Thanks for checking out our top tips on how to paint with glow! Glow in the dark paint is extremely rewarding to work with but requires some special considerations to get the best results. We've compiled this list from our firsthand experience and feedback from our customers in hopes of saving you time, frustration, and even some money. We've got lots to cover so let's get started!
Most of our paints go on nearly invisible for the first few coats. The neutral (daytime white) glow paints will go on invisible for the first two or three coats and the fluorescent colors shouldn’t be noticeable over a colored background in one or two coats but they may tint a white/light colored background. For more info specific to fluorescent glow paints please check out our blog post about their uses and limitations.
The following image has aqua, sky blue, and yellow-green neutral glow paints over regular acrylic paint. As you can see, they are invisible during the day but glow brightly at night with only a single coat.
The lighter the background, the brighter the glow. Since most of the glow you see is actually reflected light, the lighter the background color, the brighter the glow will appear. The following image shows two coats of fluorescent glow paint over a white (top row) and black (bottom row) background.
Use less paint than you’re used to. Start with less than you think you’ll need on your brush, spread it thin, and then add more paint if necessary. Painting this way will avoid raised edges that glow brighter than the rest of the brush stroke.
A great way to implement this technique and get smooth brush strokes is to place your brush in the middle of where you want the final stroke to be and then pull the paint in opposite directions to create the stroke. It's not an intuitive technique and it's definitely not the only way to get great results, but many of our artists swear by this method.
Use a black light or ultraviolet flashlight to check the evenness of the brush strokes while they’re still wet. Since the paint goes on clear, you won't be able to see if the paint you just laid down is consistently smooth or if it has slightly raised edges. You can easily check this, even in a brightly lit room, by looking at the paint under one of our UV LED flashlights (you may need to shade the image with your hand). Taking the time to do this will ensure that the edges of your stroke aren't brighter than the rest of it. You'll find yourself having to check this less and less as you figure out the correct amount of paint to apply to your brush and the canvas.
Here's an example of a stroke with raised edges. Keep in mind there is nothing wrong with this if it's the effect you're going for and everyone's preferences are different. I think it looks pretty cool and adds some dimension personally.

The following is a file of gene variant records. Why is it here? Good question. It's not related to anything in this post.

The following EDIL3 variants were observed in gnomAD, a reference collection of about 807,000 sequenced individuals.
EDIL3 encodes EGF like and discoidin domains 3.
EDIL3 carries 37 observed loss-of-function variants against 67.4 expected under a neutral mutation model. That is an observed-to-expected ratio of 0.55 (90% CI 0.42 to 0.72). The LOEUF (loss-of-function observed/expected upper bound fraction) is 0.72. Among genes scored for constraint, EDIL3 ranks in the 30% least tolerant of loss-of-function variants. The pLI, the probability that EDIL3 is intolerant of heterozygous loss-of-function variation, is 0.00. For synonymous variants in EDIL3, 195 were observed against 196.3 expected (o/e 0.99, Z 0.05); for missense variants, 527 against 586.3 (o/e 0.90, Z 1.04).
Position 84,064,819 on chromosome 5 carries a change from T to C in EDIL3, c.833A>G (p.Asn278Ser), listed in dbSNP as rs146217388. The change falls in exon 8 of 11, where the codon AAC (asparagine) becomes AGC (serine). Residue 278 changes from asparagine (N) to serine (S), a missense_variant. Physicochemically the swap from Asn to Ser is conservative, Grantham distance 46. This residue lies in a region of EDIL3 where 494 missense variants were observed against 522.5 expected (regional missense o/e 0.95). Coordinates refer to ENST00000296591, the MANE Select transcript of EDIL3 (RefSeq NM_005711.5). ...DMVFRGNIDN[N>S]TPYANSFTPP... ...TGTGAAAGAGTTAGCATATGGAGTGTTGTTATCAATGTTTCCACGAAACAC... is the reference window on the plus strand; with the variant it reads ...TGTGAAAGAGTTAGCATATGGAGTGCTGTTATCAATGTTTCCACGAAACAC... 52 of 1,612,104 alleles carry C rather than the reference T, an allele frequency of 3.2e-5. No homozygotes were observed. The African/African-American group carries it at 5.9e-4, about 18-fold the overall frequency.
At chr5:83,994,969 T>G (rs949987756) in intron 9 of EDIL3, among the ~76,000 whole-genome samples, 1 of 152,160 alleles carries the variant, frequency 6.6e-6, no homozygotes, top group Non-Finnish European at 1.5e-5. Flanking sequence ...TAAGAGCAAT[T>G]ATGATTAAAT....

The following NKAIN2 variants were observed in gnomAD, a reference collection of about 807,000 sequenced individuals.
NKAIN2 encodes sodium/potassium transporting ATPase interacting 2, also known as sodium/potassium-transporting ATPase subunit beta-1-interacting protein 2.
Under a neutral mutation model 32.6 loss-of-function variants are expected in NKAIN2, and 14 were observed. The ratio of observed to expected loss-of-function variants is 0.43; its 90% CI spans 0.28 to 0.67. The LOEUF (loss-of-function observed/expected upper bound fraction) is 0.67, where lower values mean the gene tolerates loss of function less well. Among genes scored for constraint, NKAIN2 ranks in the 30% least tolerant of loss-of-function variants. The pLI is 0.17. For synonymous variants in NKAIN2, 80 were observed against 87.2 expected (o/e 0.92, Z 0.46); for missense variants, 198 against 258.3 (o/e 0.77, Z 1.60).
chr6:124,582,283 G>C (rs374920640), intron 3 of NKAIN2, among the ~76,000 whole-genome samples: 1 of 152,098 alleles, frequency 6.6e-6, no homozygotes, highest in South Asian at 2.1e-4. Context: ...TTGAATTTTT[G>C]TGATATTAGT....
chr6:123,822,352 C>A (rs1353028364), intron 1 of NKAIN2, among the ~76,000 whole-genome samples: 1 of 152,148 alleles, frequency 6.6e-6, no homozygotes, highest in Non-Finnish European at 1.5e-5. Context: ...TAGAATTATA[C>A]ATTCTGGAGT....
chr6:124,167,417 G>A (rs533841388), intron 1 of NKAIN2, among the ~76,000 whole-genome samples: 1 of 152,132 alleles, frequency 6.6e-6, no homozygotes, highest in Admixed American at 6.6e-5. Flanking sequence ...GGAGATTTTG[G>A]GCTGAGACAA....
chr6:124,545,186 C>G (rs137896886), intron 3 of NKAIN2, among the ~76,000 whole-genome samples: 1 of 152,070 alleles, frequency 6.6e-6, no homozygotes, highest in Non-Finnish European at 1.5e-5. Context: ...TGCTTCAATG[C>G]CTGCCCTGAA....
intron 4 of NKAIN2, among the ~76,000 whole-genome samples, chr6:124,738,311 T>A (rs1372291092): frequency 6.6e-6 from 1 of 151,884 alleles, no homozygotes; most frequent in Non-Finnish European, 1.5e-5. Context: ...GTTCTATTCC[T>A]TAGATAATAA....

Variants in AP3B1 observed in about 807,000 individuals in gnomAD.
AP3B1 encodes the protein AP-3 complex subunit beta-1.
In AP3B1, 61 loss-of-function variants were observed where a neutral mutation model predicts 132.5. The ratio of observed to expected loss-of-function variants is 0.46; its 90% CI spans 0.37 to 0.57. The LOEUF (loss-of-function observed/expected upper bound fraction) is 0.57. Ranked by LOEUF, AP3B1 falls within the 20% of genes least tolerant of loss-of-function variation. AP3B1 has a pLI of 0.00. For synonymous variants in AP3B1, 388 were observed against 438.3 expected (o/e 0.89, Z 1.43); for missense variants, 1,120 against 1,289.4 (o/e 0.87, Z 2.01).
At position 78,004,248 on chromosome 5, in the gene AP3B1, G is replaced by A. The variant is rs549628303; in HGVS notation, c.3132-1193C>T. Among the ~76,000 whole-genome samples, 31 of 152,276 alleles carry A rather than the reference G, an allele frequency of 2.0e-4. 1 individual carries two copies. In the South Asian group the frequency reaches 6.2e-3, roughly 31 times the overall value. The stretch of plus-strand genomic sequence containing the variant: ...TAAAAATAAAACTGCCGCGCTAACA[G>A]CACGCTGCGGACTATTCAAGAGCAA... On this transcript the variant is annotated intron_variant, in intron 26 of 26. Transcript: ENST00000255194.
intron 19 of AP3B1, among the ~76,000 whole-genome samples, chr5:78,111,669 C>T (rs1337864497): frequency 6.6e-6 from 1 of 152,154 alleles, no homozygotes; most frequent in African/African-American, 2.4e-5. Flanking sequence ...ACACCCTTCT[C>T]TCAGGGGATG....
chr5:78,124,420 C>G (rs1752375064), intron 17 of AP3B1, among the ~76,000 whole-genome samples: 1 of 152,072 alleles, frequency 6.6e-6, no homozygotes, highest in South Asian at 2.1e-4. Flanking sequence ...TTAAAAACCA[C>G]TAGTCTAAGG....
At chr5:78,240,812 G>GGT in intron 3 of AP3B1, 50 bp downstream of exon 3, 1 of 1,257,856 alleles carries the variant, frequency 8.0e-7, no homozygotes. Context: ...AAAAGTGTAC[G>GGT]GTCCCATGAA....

Let the paint dry for 10 to 15 minutes between coats. Rushing the second coat will actually remove the glow from the first coat and leave you with a dark spot. Please make sure the paint is completely dry before adding additional coats for the best results. You can also use a hairdryer on its low setting to speed up the drying process if you want.
- Many people are happy with a single coat of glow paint but if you want it even brighter you can add another coat or two for maximum brightness. Additional coats after the first 3 will not make much of a difference in the brightness of the glow.
This neon sign painting has just two coats of each color over white paint.
You can use a toothbrush and toothpicks to create three dimensional star field effects. Using paper or tape, mask off objects in the foreground so that they will appear to be in front of the stars after they’re applied. To apply the stars, dip the tips of the toothbrush bristles into aqua or green glow paint, hold perpendicular to the canvas and with the bristles a couple of inches away run your thumb up the bristles towards you, away from the painting. This will flick hundreds of stars onto the painting! Use a toothpick to add some larger stars for a three dimensional effect.
The mountains in the image below were masked off using painters tape so that the stars appear to be behind them. In both images some of the stars are noticeably larger than others which adds depth and realism to the image.
For best results, charge with an ultraviolet flashlight, black light, or the sun. Household lights will not charge the glow paint to its full potential so please charge your painting with one of our ultraviolet lights or the sun for the brightest, longest lasting glow!
Experiment and have fun! The possibilities with glow paints and powders are endless so get creative and don’t be afraid to try new things. Check out our project ideas page to get inspired by tons of glow in the dark projects and guides.
Resin, glass, wax, rubber, epoxy, plastic, ceramics, safety markings, fishing lures and more are all potential uses for our products. What will you create?
- Check out our DIY Glow Painting Kit for a quick and inexpensive way to start enjoying the magic of glow! Canvas, brushes, paints, a charging light, and more are all included so that you'll have everything you need to create your own glow in the dark painting. Invite some friends over for a paint night or plan a birthday party that will be remembered for a lifetime. Whatever you end up doing, be sure to send us some pictures!
We hope you found this guide helpful but know that there is a lot of information we didn't cover. If you have any questions please let us know in the comments, by emailing us at firstname.lastname@example.org, or by contacting us via Facebook messenger. We love helping people out!
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For a more in depth guide on creating a glow in the dark canvas painting, please check out our How To Guide.